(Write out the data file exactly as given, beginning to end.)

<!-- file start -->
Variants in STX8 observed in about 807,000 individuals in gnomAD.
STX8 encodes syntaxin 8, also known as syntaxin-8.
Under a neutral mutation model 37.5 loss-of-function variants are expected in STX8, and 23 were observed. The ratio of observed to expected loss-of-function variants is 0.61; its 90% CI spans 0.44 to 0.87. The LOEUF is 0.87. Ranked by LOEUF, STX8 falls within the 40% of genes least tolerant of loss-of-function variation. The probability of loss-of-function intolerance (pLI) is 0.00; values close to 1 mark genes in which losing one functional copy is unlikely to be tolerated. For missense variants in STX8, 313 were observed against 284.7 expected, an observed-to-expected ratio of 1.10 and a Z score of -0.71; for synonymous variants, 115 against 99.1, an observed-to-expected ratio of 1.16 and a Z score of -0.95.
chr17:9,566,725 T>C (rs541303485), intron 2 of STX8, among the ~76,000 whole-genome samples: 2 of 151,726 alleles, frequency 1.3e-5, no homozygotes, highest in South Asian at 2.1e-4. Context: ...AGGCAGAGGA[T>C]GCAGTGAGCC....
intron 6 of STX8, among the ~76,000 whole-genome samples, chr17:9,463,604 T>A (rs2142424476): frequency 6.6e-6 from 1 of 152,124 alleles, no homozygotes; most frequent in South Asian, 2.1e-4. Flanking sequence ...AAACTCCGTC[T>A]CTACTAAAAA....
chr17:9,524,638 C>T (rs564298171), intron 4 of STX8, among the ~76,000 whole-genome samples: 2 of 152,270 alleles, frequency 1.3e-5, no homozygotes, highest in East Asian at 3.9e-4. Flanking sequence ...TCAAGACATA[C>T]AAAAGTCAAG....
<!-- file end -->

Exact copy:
Variants in STX8 observed in about 807,000 individuals in gnomAD.
STX8 encodes syntaxin 8, also known as syntaxin-8.
Under a neutral mutation model 37.5 loss-of-function variants are expected in STX8, and 23 were observed. The ratio of observed to expected loss-of-function variants is 0.61; its 90% CI spans 0.44 to 0.87. The LOEUF is 0.87. Ranked by LOEUF, STX8 falls within the 40% of genes least tolerant of loss-of-function variation. The probability of loss-of-function intolerance (pLI) is 0.00; values close to 1 mark genes in which losing one functional copy is unlikely to be tolerated. For missense variants in STX8, 313 were observed against 284.7 expected, an observed-to-expected ratio of 1.10 and a Z score of -0.71; for synonymous variants, 115 against 99.1, an observed-to-expected ratio of 1.16 and a Z score of -0.95.
chr17:9,566,725 T>C (rs541303485), intron 2 of STX8, among the ~76,000 whole-genome samples: 2 of 151,726 alleles, frequency 1.3e-5, no homozygotes, highest in South Asian at 2.1e-4. Context: ...AGGCAGAGGA[T>C]GCAGTGAGCC....
intron 6 of STX8, among the ~76,000 whole-genome samples, chr17:9,463,604 T>A (rs2142424476): frequency 6.6e-6 from 1 of 152,124 alleles, no homozygotes; most frequent in South Asian, 2.1e-4. Flanking sequence ...AAACTCCGTC[T>A]CTACTAAAAA....
chr17:9,524,638 C>T (rs564298171), intron 4 of STX8, among the ~76,000 whole-genome samples: 2 of 152,270 alleles, frequency 1.3e-5, no homozygotes, highest in East Asian at 3.9e-4. Flanking sequence ...TCAAGACATA[C>T]AAAAGTCAAG....